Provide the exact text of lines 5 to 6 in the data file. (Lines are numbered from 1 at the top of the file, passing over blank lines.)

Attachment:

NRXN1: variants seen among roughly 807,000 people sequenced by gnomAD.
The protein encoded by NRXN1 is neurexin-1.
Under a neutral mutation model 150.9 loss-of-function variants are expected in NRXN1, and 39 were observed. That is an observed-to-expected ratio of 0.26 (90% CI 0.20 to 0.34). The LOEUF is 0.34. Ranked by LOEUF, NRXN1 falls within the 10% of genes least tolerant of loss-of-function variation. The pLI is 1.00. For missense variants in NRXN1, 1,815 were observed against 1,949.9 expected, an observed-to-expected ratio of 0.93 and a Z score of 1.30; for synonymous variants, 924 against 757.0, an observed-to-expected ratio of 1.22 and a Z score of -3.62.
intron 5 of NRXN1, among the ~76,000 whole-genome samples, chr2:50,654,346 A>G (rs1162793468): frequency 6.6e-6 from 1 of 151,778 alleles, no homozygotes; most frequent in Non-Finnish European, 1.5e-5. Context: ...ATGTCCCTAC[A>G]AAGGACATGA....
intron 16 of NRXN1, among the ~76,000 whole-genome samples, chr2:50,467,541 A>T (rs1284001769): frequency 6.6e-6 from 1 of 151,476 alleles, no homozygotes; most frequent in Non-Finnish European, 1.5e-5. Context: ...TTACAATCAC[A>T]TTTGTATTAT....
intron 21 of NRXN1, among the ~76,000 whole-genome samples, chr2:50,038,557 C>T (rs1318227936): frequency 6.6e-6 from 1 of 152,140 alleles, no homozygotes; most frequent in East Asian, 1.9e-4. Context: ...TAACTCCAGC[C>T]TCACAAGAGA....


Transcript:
intron 16 of NRXN1, among the ~76,000 whole-genome samples, chr2:50,467,541 A>T (rs1284001769): frequency 6.6e-6 from 1 of 151,476 alleles, no homozygotes; most frequent in Non-Finnish European, 1.5e-5. Context: ...TTACAATCAC[A>T]TTTGTATTAT....
intron 21 of NRXN1, among the ~76,000 whole-genome samples, chr2:50,038,557 C>T (rs1318227936): frequency 6.6e-6 from 1 of 152,140 alleles, no homozygotes; most frequent in East Asian, 1.9e-4. Context: ...TAACTCCAGC[C>T]TCACAAGAGA....